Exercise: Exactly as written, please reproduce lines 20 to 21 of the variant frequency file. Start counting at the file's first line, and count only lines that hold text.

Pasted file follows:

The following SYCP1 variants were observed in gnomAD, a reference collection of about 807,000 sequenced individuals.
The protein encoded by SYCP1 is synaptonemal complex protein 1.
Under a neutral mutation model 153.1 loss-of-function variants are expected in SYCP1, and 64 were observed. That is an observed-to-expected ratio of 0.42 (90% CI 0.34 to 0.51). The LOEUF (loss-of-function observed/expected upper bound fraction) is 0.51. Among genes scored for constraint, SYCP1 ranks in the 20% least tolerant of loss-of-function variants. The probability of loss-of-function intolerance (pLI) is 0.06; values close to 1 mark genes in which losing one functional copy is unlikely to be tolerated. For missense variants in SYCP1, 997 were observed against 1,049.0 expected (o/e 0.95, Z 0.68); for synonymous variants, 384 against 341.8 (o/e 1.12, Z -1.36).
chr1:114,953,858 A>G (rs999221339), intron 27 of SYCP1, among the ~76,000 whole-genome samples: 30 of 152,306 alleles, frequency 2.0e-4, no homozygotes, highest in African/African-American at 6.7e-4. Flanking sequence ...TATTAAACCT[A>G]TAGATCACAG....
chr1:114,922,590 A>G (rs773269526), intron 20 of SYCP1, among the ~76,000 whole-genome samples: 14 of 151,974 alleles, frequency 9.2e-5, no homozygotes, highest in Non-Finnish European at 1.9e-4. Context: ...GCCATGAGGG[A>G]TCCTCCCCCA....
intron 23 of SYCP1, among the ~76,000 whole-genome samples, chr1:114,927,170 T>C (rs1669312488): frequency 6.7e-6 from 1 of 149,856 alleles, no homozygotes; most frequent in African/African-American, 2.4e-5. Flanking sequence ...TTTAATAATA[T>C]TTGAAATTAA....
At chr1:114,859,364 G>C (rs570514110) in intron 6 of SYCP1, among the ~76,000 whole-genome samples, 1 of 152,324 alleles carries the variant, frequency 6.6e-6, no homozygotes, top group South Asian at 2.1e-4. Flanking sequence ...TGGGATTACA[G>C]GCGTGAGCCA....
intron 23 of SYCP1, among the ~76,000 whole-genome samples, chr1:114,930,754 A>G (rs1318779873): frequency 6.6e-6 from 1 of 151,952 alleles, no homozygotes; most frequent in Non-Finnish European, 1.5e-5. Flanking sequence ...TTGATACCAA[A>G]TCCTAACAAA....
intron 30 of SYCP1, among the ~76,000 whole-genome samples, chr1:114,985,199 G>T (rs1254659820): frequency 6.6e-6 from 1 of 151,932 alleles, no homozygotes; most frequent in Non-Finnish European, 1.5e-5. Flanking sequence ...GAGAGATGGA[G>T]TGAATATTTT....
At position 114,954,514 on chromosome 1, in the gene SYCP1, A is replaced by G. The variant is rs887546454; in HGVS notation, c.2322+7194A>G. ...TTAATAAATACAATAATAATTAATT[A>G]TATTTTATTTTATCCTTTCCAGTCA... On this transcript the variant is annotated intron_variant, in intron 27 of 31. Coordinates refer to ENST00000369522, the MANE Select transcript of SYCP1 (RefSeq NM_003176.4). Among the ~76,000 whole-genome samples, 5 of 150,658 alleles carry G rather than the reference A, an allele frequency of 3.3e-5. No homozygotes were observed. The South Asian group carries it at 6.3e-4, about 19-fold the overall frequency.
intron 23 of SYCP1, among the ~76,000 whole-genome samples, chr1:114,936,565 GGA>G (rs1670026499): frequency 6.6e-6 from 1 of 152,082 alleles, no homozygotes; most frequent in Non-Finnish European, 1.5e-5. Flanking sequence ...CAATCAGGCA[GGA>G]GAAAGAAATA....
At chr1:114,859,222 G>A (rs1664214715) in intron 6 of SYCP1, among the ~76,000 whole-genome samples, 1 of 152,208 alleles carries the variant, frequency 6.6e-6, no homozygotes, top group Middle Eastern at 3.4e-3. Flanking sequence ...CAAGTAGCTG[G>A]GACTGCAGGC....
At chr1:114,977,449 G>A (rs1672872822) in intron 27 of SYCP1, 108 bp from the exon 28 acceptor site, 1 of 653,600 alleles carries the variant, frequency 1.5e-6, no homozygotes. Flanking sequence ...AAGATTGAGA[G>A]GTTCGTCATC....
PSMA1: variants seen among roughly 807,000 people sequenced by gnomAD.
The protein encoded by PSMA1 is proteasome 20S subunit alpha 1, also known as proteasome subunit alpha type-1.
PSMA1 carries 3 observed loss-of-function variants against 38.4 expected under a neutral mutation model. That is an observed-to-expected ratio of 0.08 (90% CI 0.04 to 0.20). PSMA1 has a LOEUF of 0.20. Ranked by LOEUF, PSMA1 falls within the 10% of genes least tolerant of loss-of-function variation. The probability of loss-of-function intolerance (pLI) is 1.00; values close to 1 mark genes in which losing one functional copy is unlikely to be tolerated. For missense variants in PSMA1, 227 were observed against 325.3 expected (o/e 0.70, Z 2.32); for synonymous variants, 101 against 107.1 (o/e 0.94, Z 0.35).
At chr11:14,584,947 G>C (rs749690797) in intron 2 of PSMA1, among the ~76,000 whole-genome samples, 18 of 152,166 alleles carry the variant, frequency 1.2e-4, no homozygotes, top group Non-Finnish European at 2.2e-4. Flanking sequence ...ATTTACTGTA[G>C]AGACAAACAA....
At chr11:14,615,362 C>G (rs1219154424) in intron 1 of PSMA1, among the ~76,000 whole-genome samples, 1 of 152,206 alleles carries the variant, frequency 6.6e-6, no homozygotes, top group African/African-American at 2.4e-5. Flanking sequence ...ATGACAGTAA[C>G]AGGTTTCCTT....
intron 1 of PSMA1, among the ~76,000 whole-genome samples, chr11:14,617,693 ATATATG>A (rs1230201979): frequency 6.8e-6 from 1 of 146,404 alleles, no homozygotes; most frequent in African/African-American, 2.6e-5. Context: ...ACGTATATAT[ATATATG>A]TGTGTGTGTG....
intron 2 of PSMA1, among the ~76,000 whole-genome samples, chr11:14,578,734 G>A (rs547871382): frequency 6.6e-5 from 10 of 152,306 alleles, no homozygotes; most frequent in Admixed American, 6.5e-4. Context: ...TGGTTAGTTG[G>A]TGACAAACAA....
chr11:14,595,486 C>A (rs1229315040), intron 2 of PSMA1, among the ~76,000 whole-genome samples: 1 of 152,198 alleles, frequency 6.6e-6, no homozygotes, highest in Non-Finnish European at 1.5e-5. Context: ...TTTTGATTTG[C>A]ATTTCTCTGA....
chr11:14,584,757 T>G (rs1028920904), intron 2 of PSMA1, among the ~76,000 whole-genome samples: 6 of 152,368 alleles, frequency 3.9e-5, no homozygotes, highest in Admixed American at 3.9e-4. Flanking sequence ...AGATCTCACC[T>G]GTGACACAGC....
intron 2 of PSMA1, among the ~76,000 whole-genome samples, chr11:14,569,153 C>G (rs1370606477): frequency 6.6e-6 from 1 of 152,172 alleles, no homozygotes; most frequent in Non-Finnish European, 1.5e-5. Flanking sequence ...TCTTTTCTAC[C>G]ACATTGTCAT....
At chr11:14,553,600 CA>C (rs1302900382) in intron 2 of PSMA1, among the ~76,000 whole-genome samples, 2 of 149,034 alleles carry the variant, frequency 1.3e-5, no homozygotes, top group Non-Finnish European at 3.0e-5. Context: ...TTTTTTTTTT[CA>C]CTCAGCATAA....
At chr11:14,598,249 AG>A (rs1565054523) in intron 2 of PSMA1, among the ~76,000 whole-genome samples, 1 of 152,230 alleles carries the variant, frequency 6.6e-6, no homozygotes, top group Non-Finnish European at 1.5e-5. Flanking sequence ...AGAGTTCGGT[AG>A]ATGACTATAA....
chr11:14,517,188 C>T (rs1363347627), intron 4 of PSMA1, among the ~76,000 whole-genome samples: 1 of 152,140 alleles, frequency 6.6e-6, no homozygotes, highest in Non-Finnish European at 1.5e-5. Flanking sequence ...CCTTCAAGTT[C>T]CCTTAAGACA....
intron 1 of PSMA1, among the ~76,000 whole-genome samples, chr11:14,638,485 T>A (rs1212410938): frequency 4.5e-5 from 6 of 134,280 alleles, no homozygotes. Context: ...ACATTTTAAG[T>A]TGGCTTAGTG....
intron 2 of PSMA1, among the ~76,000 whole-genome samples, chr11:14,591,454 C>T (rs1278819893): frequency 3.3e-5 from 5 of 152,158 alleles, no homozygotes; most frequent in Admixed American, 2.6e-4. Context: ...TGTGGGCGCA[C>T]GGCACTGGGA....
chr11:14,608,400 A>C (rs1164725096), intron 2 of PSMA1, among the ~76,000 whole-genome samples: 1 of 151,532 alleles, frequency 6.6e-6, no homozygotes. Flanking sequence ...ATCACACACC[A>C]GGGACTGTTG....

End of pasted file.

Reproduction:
intron 2 of PSMA1, among the ~76,000 whole-genome samples, chr11:14,578,734 G>A (rs547871382): frequency 6.6e-5 from 10 of 152,306 alleles, no homozygotes; most frequent in Admixed American, 6.5e-4. Context: ...TGGTTAGTTG[G>A]TGACAAACAA....
chr11:14,595,486 C>A (rs1229315040), intron 2 of PSMA1, among the ~76,000 whole-genome samples: 1 of 152,198 alleles, frequency 6.6e-6, no homozygotes, highest in Non-Finnish European at 1.5e-5. Context: ...TTTTGATTTG[C>A]ATTTCTCTGA....